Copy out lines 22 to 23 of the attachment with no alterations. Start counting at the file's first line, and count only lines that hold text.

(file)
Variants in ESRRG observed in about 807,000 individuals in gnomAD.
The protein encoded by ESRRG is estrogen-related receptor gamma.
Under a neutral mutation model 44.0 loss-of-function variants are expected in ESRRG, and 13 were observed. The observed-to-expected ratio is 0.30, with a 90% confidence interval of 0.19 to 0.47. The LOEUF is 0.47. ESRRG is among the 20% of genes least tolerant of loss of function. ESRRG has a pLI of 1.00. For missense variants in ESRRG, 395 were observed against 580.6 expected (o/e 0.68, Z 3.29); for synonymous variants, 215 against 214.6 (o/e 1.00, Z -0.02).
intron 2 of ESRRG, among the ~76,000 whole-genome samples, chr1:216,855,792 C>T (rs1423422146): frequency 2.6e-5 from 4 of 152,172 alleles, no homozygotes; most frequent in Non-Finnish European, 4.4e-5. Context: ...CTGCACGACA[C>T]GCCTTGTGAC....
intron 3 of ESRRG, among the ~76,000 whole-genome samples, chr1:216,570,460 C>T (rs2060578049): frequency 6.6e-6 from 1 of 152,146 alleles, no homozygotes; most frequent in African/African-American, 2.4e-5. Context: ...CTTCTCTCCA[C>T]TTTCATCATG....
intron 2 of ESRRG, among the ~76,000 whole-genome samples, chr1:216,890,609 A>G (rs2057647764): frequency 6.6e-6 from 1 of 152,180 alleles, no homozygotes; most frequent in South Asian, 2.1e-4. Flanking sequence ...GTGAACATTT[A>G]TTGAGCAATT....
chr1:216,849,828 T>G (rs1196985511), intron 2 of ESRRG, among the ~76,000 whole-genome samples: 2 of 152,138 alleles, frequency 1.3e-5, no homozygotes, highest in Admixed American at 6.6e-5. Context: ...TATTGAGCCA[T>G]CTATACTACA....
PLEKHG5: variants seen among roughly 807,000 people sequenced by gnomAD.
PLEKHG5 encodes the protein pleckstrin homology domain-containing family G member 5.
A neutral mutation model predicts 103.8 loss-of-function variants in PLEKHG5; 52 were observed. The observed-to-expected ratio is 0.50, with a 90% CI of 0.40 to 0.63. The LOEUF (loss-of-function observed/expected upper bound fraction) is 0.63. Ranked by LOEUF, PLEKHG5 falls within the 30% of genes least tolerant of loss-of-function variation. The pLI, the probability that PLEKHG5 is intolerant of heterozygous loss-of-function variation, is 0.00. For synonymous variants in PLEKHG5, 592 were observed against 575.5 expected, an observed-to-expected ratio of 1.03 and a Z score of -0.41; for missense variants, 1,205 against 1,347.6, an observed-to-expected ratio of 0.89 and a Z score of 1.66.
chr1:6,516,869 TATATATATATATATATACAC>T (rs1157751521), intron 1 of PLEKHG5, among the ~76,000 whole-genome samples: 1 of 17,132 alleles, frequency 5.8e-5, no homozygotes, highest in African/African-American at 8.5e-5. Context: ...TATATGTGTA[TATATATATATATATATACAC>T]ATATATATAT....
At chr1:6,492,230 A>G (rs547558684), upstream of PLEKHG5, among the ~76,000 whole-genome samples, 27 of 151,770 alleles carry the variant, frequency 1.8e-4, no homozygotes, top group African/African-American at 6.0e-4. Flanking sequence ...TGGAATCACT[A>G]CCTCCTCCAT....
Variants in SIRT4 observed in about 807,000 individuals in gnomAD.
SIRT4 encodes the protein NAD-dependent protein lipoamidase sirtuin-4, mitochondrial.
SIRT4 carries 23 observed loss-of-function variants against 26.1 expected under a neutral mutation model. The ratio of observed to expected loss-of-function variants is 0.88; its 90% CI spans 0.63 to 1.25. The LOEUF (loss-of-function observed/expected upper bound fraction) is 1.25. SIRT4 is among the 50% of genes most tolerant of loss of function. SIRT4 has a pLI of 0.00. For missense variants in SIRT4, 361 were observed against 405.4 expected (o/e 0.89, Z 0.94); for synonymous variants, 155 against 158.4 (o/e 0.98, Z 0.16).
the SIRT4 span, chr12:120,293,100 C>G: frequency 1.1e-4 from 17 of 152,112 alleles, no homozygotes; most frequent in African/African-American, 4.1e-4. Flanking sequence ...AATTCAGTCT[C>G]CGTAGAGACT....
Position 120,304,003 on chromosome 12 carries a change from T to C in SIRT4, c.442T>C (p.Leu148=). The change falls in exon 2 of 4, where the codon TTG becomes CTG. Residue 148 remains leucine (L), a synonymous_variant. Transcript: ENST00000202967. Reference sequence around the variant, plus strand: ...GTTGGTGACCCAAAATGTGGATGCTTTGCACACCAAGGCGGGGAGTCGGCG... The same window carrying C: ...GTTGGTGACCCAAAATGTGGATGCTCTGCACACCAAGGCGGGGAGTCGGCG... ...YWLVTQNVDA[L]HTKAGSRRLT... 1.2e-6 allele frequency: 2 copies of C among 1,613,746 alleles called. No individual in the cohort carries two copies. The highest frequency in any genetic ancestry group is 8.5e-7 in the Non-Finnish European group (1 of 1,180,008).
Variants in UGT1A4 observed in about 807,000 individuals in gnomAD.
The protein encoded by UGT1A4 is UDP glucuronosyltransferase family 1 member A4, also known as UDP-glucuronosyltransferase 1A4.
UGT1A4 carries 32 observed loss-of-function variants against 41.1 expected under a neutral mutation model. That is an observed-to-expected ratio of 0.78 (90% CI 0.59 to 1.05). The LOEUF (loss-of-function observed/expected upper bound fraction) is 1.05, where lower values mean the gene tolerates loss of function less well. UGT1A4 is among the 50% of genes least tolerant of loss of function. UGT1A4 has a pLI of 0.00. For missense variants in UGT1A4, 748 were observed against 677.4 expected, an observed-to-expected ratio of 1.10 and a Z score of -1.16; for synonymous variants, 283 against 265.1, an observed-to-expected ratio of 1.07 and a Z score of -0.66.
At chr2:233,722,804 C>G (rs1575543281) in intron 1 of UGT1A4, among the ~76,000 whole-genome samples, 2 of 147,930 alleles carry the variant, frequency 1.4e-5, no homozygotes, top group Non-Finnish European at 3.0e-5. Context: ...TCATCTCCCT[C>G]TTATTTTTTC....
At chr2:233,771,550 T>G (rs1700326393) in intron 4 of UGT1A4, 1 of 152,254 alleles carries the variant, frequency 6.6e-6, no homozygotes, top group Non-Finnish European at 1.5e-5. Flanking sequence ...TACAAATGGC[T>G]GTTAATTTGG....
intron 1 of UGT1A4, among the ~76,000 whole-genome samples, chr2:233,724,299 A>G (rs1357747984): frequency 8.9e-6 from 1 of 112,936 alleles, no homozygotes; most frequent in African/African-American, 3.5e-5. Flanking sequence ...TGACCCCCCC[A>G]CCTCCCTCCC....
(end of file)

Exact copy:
At chr2:233,771,550 T>G (rs1700326393) in intron 4 of UGT1A4, 1 of 152,254 alleles carries the variant, frequency 6.6e-6, no homozygotes, top group Non-Finnish European at 1.5e-5. Flanking sequence ...TACAAATGGC[T>G]GTTAATTTGG....
intron 1 of UGT1A4, among the ~76,000 whole-genome samples, chr2:233,724,299 A>G (rs1357747984): frequency 8.9e-6 from 1 of 112,936 alleles, no homozygotes; most frequent in African/African-American, 3.5e-5. Flanking sequence ...TGACCCCCCC[A>G]CCTCCCTCCC....